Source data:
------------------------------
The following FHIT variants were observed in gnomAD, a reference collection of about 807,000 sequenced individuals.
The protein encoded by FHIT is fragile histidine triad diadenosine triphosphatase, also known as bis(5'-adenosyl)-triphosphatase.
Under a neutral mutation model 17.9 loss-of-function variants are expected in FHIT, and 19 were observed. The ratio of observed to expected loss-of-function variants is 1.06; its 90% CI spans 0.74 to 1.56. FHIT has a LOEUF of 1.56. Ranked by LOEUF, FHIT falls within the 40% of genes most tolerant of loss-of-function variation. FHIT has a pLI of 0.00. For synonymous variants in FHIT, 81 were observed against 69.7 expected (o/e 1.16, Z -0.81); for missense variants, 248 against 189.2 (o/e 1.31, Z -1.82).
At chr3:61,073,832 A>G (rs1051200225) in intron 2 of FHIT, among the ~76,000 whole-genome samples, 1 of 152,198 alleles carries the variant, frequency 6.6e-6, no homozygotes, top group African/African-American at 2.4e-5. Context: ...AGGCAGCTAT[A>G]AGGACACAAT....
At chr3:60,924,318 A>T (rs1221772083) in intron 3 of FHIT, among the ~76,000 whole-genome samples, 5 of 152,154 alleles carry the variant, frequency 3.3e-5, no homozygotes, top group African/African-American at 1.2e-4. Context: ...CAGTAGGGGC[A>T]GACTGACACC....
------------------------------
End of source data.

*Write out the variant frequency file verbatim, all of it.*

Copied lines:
The following FHIT variants were observed in gnomAD, a reference collection of about 807,000 sequenced individuals.
The protein encoded by FHIT is fragile histidine triad diadenosine triphosphatase, also known as bis(5'-adenosyl)-triphosphatase.
Under a neutral mutation model 17.9 loss-of-function variants are expected in FHIT, and 19 were observed. The ratio of observed to expected loss-of-function variants is 1.06; its 90% CI spans 0.74 to 1.56. FHIT has a LOEUF of 1.56. Ranked by LOEUF, FHIT falls within the 40% of genes most tolerant of loss-of-function variation. FHIT has a pLI of 0.00. For synonymous variants in FHIT, 81 were observed against 69.7 expected (o/e 1.16, Z -0.81); for missense variants, 248 against 189.2 (o/e 1.31, Z -1.82).
At chr3:61,073,832 A>G (rs1051200225) in intron 2 of FHIT, among the ~76,000 whole-genome samples, 1 of 152,198 alleles carries the variant, frequency 6.6e-6, no homozygotes, top group African/African-American at 2.4e-5. Context: ...AGGCAGCTAT[A>G]AGGACACAAT....
At chr3:60,924,318 A>T (rs1221772083) in intron 3 of FHIT, among the ~76,000 whole-genome samples, 5 of 152,154 alleles carry the variant, frequency 3.3e-5, no homozygotes, top group African/African-American at 1.2e-4. Context: ...CAGTAGGGGC[A>T]GACTGACACC....